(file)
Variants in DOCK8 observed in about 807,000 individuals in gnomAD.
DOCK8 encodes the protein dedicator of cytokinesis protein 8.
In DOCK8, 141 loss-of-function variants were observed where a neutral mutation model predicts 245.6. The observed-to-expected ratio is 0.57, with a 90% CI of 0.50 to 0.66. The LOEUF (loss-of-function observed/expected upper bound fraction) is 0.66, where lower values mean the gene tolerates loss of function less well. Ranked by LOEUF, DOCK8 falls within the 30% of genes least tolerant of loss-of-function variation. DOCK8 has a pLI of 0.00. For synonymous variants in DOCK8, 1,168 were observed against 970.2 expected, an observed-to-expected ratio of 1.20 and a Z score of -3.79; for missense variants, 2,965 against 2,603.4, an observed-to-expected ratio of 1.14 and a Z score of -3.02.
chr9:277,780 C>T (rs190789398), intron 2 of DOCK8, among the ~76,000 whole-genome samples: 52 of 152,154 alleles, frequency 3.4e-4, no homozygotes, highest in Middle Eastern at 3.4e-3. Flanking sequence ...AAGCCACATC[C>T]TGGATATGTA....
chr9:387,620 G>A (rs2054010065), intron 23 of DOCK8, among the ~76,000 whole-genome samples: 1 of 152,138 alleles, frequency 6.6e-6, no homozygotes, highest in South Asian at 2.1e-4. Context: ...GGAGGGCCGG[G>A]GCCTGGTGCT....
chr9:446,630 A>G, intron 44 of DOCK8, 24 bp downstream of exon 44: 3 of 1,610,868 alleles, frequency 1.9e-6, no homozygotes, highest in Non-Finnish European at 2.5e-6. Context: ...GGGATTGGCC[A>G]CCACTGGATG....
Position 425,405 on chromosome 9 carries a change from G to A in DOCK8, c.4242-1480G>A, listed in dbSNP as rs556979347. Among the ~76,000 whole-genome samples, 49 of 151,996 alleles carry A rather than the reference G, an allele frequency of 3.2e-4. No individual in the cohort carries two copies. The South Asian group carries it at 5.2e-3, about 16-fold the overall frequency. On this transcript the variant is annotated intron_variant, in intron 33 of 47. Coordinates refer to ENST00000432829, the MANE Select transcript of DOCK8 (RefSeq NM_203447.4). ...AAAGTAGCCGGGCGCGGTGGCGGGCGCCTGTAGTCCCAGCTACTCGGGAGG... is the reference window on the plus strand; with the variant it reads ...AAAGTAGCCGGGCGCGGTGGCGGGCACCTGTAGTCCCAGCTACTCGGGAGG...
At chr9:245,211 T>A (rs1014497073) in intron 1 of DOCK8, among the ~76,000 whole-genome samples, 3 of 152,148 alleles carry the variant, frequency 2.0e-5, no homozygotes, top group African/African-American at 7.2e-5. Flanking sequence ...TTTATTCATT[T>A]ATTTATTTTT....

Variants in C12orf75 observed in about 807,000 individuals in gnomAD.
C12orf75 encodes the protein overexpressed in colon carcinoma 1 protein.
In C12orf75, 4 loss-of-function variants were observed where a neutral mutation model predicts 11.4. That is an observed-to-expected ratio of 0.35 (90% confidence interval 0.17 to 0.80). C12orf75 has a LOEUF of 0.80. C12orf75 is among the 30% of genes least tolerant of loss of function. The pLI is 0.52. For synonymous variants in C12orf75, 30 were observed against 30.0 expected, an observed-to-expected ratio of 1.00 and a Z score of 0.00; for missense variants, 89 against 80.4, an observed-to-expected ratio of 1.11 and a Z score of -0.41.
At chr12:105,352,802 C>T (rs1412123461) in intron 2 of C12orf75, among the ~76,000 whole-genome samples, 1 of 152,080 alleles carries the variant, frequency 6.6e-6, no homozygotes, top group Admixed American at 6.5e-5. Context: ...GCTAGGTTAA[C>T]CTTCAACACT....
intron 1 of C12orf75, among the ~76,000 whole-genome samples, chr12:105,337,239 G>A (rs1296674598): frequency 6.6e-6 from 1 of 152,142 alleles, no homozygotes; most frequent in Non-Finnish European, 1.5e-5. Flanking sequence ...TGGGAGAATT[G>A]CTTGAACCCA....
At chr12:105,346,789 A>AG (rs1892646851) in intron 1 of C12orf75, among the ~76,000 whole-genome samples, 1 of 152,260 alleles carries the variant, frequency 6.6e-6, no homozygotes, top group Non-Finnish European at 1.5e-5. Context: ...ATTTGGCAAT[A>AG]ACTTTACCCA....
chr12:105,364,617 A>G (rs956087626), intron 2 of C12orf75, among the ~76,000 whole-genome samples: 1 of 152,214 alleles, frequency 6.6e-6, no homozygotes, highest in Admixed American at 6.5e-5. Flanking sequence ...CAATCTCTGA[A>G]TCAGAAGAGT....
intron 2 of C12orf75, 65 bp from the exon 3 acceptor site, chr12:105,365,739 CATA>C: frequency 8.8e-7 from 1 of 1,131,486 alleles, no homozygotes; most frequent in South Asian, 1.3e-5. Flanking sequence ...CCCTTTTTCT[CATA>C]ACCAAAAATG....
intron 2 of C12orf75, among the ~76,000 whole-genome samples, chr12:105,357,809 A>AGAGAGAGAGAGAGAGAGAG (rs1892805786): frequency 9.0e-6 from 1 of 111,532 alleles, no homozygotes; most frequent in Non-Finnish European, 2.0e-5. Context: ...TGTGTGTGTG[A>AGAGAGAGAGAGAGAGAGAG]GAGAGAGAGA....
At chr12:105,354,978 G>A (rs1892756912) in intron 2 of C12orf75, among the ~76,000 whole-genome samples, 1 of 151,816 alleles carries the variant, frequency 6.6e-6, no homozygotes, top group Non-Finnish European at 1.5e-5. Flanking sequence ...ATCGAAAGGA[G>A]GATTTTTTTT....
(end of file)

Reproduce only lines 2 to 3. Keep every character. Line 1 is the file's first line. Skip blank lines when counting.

DOCK8 encodes the protein dedicator of cytokinesis protein 8.
In DOCK8, 141 loss-of-function variants were observed where a neutral mutation model predicts 245.6. The observed-to-expected ratio is 0.57, with a 90% CI of 0.50 to 0.66. The LOEUF (loss-of-function observed/expected upper bound fraction) is 0.66, where lower values mean the gene tolerates loss of function less well. Ranked by LOEUF, DOCK8 falls within the 30% of genes least tolerant of loss-of-function variation. DOCK8 has a pLI of 0.00. For synonymous variants in DOCK8, 1,168 were observed against 970.2 expected, an observed-to-expected ratio of 1.20 and a Z score of -3.79; for missense variants, 2,965 against 2,603.4, an observed-to-expected ratio of 1.14 and a Z score of -3.02.